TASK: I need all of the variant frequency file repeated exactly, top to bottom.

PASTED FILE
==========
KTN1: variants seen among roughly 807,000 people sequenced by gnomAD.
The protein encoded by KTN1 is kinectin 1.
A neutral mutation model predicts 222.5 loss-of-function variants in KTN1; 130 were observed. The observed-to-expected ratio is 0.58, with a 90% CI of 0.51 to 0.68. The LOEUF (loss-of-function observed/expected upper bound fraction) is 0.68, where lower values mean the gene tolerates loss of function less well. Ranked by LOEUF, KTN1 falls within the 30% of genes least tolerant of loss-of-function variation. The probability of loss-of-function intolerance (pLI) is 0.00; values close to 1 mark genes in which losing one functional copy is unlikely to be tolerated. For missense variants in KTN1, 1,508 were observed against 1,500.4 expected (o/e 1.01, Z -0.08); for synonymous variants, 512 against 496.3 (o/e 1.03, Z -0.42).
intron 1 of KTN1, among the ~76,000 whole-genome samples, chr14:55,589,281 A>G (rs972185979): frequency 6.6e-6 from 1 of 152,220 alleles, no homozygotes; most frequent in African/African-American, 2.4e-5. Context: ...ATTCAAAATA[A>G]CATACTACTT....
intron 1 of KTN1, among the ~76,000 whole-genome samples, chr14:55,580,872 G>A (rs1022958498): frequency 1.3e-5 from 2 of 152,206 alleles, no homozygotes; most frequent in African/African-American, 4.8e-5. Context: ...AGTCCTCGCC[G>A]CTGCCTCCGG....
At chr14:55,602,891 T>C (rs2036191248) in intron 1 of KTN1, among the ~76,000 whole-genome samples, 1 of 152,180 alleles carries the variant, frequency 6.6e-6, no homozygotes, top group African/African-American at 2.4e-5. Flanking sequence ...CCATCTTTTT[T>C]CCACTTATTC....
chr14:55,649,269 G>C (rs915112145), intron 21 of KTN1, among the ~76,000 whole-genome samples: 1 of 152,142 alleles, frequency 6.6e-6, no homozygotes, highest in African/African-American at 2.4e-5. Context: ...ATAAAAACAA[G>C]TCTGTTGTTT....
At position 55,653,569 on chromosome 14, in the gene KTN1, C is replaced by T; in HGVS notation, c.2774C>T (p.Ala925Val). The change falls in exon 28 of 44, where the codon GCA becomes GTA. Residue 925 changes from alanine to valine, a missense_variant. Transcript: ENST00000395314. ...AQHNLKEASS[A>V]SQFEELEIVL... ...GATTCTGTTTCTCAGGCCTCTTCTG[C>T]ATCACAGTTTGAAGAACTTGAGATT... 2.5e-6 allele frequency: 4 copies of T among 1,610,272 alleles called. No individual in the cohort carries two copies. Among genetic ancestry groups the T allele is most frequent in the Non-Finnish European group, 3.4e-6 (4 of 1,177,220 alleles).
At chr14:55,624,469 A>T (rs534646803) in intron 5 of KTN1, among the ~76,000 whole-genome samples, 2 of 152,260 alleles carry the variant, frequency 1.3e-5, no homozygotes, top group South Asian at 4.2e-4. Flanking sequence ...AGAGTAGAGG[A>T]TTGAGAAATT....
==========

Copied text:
KTN1: variants seen among roughly 807,000 people sequenced by gnomAD.
The protein encoded by KTN1 is kinectin 1.
A neutral mutation model predicts 222.5 loss-of-function variants in KTN1; 130 were observed. The observed-to-expected ratio is 0.58, with a 90% CI of 0.51 to 0.68. The LOEUF (loss-of-function observed/expected upper bound fraction) is 0.68, where lower values mean the gene tolerates loss of function less well. Ranked by LOEUF, KTN1 falls within the 30% of genes least tolerant of loss-of-function variation. The probability of loss-of-function intolerance (pLI) is 0.00; values close to 1 mark genes in which losing one functional copy is unlikely to be tolerated. For missense variants in KTN1, 1,508 were observed against 1,500.4 expected (o/e 1.01, Z -0.08); for synonymous variants, 512 against 496.3 (o/e 1.03, Z -0.42).
intron 1 of KTN1, among the ~76,000 whole-genome samples, chr14:55,589,281 A>G (rs972185979): frequency 6.6e-6 from 1 of 152,220 alleles, no homozygotes; most frequent in African/African-American, 2.4e-5. Context: ...ATTCAAAATA[A>G]CATACTACTT....
intron 1 of KTN1, among the ~76,000 whole-genome samples, chr14:55,580,872 G>A (rs1022958498): frequency 1.3e-5 from 2 of 152,206 alleles, no homozygotes; most frequent in African/African-American, 4.8e-5. Context: ...AGTCCTCGCC[G>A]CTGCCTCCGG....
At chr14:55,602,891 T>C (rs2036191248) in intron 1 of KTN1, among the ~76,000 whole-genome samples, 1 of 152,180 alleles carries the variant, frequency 6.6e-6, no homozygotes, top group African/African-American at 2.4e-5. Flanking sequence ...CCATCTTTTT[T>C]CCACTTATTC....
chr14:55,649,269 G>C (rs915112145), intron 21 of KTN1, among the ~76,000 whole-genome samples: 1 of 152,142 alleles, frequency 6.6e-6, no homozygotes, highest in African/African-American at 2.4e-5. Context: ...ATAAAAACAA[G>C]TCTGTTGTTT....
At position 55,653,569 on chromosome 14, in the gene KTN1, C is replaced by T; in HGVS notation, c.2774C>T (p.Ala925Val). The change falls in exon 28 of 44, where the codon GCA becomes GTA. Residue 925 changes from alanine to valine, a missense_variant. Transcript: ENST00000395314. ...AQHNLKEASS[A>V]SQFEELEIVL... ...GATTCTGTTTCTCAGGCCTCTTCTG[C>T]ATCACAGTTTGAAGAACTTGAGATT... 2.5e-6 allele frequency: 4 copies of T among 1,610,272 alleles called. No individual in the cohort carries two copies. Among genetic ancestry groups the T allele is most frequent in the Non-Finnish European group, 3.4e-6 (4 of 1,177,220 alleles).
At chr14:55,624,469 A>T (rs534646803) in intron 5 of KTN1, among the ~76,000 whole-genome samples, 2 of 152,260 alleles carry the variant, frequency 1.3e-5, no homozygotes, top group South Asian at 4.2e-4. Flanking sequence ...AGAGTAGAGG[A>T]TTGAGAAATT....